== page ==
Justice Department national security chief John A Carlin cited a six-month transition period provided in the USA Freedom Act – passed by the Senate last week to ban the bulk collection – as a reason to permit an “orderly transition” of the NSA’s domestic dragnet. Carlin did not address whether the transition clause of the Freedom Act still applies now that a congressional deadlock meant the program shut down on 31 May.

But Carlin asked the Fisa court to set aside a landmark declaration by the second circuit court of appeals. Decided on 7 May, the appeals court ruled that the government had erroneously interpreted the Patriot Act’s authorization of data collection as “relevant” to an ongoing investigation to permit bulk collection.

Carlin, in his filing, wrote that the Patriot Act provision remained “in effect” during the transition period.

“This court may certainly consider ACLU v Clapper as part of its evaluation of the government’s application, but second circuit rulings do not constitute controlling precedent for this court,” Carlin wrote in the 2 June application. Instead, the government asked the court to rely on its own body of once-secret precedent stretching back to 2006, which Carlin called “the better interpretation of the statute”.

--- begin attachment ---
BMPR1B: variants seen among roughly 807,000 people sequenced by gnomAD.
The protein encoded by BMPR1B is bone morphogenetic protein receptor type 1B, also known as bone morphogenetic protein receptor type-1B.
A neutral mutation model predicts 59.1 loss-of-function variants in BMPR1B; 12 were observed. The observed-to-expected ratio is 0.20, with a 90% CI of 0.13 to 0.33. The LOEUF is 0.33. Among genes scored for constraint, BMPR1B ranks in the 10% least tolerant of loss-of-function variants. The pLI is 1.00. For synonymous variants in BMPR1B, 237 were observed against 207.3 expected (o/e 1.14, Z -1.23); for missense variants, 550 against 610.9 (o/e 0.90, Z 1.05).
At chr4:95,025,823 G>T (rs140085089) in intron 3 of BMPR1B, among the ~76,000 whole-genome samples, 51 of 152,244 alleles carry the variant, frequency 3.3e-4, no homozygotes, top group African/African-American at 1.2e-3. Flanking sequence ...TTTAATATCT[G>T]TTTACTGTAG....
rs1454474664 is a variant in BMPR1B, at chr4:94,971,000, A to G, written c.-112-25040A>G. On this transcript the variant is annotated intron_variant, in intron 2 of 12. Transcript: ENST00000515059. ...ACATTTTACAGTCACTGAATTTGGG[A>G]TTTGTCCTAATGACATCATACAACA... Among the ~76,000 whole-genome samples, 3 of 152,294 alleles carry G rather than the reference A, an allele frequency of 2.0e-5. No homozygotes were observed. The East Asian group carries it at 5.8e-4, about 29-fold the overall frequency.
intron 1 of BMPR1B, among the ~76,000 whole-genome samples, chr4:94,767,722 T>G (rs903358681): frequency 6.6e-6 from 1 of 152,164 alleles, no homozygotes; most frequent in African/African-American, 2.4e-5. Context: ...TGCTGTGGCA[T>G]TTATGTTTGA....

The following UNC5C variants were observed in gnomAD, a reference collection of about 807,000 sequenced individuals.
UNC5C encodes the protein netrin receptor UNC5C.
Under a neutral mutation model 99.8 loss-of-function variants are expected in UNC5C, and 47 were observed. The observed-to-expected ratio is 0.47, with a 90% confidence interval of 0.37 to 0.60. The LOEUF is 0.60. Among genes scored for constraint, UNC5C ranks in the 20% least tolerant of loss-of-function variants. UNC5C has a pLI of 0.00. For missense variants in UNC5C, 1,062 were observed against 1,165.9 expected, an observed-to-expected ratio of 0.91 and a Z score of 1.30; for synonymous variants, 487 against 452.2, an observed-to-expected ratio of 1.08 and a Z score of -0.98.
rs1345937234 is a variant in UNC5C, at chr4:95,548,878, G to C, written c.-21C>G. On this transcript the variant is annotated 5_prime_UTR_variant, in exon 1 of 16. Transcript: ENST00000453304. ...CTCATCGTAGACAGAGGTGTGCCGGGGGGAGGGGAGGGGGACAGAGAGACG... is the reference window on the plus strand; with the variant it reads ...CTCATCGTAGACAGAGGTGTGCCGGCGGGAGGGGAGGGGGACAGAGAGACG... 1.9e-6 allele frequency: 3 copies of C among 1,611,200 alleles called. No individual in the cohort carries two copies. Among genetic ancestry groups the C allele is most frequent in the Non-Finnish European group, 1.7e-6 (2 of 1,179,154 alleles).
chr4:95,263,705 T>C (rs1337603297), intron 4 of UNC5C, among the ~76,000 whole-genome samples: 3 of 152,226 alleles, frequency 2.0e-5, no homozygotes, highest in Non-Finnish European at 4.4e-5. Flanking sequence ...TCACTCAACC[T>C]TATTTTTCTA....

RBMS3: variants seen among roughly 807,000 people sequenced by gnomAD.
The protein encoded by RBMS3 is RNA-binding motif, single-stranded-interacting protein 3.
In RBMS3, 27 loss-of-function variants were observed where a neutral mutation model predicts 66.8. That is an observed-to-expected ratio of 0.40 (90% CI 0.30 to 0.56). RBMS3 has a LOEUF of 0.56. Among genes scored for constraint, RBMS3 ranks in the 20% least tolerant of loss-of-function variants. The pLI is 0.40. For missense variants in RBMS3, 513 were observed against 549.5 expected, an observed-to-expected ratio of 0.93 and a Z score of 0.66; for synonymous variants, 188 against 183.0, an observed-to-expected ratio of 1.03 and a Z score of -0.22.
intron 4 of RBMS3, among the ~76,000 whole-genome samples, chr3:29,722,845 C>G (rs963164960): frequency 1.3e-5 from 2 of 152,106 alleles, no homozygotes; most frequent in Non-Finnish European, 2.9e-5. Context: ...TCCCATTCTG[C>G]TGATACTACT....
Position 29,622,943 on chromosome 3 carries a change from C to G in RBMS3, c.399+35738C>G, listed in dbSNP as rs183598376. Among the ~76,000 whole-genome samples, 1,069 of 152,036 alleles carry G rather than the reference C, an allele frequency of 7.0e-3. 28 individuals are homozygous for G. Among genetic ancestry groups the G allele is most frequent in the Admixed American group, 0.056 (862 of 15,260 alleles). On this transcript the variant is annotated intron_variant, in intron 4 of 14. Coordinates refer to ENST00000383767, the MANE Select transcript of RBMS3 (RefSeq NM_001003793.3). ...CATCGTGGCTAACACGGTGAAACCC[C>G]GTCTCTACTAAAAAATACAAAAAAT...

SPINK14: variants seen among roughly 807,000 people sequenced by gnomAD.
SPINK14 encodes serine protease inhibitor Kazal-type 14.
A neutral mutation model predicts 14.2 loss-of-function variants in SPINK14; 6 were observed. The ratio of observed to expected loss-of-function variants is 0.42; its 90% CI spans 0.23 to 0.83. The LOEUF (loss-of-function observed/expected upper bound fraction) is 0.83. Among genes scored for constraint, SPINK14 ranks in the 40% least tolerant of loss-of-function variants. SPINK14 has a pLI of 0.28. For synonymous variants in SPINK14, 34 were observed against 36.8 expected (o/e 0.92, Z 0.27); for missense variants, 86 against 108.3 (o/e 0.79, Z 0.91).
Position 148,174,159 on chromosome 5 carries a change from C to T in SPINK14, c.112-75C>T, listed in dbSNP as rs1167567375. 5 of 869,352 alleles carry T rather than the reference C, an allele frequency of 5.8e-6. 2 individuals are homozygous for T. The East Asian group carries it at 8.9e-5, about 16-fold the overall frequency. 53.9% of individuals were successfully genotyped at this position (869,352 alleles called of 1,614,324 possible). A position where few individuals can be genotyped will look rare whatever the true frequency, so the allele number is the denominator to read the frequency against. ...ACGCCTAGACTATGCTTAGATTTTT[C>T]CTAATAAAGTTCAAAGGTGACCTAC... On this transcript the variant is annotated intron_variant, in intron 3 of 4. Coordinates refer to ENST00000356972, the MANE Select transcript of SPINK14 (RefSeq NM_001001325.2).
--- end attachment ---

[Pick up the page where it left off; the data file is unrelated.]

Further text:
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Submission + - Obama lawyers ask FISA court to ignore 2nd circuit's decision on spying->

schwit1 writes: The Obama administration has asked a secret surveillance court to ignore a federal court that found bulk surveillance illegal and to once again grant the National Security Agency the power to collect the phone records of millions of Americans for six months.

But Justice Department national security chief John A Carlin asked the Fisa court to set aside a landmark declaration by the second circuit court of appeals. Decided on 7 May, the appeals court ruled that the government had erroneously interpreted the Patriot Act's authorization of data collection as "relevant" to an ongoing investigation to permit bulk collection.

On Friday, FreedomWorks filed a rare motion before the Fisa court, asking it to reject the government's surveillance request as a violation of the fourth amendment's prohibition on unreasonable searches and seizures. Fisa court judge Michael Moseman gave the justice department until this coming Friday to respond — and explicitly barred the government from arguing that FreedomWorks lacks the standing to petition the secret court.